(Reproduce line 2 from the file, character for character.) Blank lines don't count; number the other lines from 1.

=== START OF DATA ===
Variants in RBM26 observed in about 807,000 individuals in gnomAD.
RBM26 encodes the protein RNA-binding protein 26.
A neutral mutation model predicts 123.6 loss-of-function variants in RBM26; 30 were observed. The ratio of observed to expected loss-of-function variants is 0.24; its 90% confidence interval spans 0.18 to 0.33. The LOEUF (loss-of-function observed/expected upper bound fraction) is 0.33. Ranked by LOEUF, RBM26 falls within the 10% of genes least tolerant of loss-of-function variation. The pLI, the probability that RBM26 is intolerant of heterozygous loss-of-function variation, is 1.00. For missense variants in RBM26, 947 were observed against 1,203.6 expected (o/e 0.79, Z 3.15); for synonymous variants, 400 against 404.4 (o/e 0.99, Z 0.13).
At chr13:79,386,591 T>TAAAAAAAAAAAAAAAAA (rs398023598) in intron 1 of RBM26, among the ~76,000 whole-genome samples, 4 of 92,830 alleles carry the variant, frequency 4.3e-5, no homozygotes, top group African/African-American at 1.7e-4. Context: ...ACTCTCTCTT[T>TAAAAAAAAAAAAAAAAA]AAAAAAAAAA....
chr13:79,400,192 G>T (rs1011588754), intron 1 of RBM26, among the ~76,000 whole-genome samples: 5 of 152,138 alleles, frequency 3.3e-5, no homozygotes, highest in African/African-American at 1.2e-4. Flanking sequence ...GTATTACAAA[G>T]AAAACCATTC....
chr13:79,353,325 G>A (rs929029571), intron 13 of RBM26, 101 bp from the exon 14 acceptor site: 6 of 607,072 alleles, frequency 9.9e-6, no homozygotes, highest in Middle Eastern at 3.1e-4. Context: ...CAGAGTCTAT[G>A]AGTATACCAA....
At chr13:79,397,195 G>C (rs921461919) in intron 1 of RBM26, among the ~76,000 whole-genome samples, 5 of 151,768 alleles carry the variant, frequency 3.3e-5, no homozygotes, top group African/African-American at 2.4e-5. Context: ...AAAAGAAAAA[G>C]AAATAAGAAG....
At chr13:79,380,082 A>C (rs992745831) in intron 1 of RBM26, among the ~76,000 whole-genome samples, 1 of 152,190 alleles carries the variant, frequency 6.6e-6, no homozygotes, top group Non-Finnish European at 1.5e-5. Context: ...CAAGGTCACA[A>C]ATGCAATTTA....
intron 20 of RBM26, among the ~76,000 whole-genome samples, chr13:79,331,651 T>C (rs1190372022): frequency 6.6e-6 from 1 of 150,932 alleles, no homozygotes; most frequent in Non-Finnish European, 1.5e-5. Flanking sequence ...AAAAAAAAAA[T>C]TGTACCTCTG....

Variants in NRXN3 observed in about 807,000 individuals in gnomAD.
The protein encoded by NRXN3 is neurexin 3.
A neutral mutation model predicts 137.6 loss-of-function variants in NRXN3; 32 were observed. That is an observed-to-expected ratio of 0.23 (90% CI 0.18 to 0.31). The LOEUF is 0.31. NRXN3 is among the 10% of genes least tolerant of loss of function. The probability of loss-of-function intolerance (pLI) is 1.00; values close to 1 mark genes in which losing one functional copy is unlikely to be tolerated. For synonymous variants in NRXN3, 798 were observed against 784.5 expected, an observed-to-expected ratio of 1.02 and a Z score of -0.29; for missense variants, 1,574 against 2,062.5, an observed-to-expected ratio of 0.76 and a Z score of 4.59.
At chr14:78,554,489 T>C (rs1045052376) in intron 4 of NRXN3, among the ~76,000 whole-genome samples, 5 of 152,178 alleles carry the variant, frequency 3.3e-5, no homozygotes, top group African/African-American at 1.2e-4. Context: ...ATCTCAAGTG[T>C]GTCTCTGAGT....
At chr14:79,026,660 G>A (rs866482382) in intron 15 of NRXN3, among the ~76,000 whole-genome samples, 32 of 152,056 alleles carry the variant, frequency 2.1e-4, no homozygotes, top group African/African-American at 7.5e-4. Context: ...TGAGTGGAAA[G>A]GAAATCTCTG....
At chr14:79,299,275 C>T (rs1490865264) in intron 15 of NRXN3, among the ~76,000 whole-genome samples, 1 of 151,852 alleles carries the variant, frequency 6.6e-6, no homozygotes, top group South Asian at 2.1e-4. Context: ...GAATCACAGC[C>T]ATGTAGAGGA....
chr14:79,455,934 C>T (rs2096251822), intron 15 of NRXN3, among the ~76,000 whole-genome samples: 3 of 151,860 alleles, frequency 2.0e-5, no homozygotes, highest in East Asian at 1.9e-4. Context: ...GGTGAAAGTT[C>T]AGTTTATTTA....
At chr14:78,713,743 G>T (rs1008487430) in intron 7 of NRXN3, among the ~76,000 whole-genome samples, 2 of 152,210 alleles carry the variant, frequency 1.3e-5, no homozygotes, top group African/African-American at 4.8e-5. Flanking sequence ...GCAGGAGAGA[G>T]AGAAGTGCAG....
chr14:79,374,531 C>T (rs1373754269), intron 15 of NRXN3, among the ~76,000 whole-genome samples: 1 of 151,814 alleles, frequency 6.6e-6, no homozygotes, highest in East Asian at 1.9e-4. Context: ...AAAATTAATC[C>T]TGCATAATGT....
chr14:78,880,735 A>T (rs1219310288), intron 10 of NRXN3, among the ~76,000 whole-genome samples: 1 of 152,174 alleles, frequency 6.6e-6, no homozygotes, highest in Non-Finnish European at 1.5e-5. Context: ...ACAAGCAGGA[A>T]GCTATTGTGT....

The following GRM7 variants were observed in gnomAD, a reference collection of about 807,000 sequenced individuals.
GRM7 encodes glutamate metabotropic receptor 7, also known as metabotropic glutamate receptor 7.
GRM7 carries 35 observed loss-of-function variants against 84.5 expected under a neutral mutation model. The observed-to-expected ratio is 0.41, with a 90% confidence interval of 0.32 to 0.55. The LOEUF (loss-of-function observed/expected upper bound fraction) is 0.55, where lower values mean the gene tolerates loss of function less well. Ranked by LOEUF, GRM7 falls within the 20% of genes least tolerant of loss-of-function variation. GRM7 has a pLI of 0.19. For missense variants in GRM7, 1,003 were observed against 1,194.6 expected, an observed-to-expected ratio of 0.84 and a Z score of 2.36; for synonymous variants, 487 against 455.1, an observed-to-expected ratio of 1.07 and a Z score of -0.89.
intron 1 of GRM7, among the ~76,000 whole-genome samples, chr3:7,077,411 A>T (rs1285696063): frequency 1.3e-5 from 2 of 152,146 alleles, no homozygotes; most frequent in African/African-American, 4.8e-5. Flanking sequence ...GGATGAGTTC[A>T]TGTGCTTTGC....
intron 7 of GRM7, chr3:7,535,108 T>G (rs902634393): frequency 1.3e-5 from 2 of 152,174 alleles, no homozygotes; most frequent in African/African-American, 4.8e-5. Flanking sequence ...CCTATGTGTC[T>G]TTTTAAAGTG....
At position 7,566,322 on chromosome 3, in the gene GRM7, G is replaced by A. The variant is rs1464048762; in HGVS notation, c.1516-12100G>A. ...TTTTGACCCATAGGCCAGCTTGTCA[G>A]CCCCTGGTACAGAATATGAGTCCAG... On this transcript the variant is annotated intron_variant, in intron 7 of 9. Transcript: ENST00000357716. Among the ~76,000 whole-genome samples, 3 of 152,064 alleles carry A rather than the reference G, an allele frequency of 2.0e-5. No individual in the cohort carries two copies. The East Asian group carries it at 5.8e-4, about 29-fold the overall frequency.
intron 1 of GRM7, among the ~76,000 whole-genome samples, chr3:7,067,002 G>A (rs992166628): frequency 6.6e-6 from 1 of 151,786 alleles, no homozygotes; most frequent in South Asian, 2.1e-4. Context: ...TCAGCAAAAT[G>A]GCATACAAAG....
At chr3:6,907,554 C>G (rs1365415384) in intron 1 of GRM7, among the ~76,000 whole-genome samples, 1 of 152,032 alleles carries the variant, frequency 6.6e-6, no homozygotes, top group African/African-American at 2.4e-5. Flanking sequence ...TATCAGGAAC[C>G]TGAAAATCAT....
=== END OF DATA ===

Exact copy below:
RBM26 encodes the protein RNA-binding protein 26.